¶ 15 Hounshell argues that while H.B. 2120 did not modify § 11-253, it did modify part of § 38-291 in a way that, he argues, creates an irreconcilable conflict with the portion of § 11-253 allowing a county board to remove an officer for failure to post a bond required pursuant to that statute. We disagree.
¶ 16 In removing the statutory requirement that certain office holders be bonded in favor of authorizing pooled coverage, but leaving unchanged the statute that permits a board of supervisors to require an additional bond at its discretion, the Legislature may have been anticipating circumstances similar to those that present themselves here. That is, in those circumstances in which the provider of pooled coverage refuses to extend coverage for certain acts of county officers, the Legislature permitted the county board of supervisors to otherwise provide protection for the county and its citizens pursuant to § 11-253 by requiring the county officer to post a bond.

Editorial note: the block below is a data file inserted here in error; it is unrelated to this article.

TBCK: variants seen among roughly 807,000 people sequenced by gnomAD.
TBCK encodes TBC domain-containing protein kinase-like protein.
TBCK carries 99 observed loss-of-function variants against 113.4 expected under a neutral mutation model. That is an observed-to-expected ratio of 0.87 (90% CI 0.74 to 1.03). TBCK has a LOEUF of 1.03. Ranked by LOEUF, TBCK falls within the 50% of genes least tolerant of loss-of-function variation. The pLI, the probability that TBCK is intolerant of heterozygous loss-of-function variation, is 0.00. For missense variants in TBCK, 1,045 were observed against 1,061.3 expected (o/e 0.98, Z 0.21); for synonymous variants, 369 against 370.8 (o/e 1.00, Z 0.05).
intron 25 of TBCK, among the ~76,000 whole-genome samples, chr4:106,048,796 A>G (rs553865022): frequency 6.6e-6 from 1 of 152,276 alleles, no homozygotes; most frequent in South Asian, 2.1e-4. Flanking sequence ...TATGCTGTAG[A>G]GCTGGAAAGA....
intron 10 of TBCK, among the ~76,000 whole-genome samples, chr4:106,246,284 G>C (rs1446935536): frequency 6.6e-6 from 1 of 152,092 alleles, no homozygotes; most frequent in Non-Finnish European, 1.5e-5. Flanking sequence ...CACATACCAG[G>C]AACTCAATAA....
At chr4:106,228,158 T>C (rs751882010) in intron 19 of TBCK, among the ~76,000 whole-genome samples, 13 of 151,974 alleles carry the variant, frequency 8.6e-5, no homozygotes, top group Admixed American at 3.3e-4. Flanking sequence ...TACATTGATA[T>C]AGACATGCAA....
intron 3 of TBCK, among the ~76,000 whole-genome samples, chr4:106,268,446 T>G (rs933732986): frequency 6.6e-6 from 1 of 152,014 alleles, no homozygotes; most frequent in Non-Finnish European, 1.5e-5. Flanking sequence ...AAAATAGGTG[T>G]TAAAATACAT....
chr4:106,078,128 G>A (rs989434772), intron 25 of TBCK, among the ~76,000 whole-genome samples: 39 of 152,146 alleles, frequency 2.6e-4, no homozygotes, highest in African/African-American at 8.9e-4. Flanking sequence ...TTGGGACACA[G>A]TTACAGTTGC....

¶ 17 There is thus no conflict between the two statutes as they currently exist. Section 38-291 lists several circumstances under which an office is deemed vacant as a matter of law. Prior to the passage of H.B. 2120, that statute specified that an office was deemed vacant upon the “[f]ailure of the person elected ․ to file his official oath or bond within the time prescribed by law.” A.R.S. § 38-291(9) (emphasis added). Hounshell thus argues that in repealing that provision of § 38-291(9) that declared an office vacant for the office holder's failure to file an official bond, the Legislature implicitly repealed the portion of § 11-253(A) that would allow the Board, at its discretion, to remove Hounshell for his failure to file a bond that it required.
¶ 18 The removal of the statutory bond requirements also sensibly resulted in the removal of the parallel provision that failure to file the bond would result in a vacancy in office. When it comes, however, to circumstances in which, pursuant to § 11-253, a county board makes the discretionary decision to require the office holder to post a bond in addition to whatever coverage the county may have otherwise obtained, it makes no sense to deprive the Board of any remedy should the office holder refuse to comply. This is especially so when the plain language of § 11-253 authorizes the Board to remove the office holder for his or her failure to do so.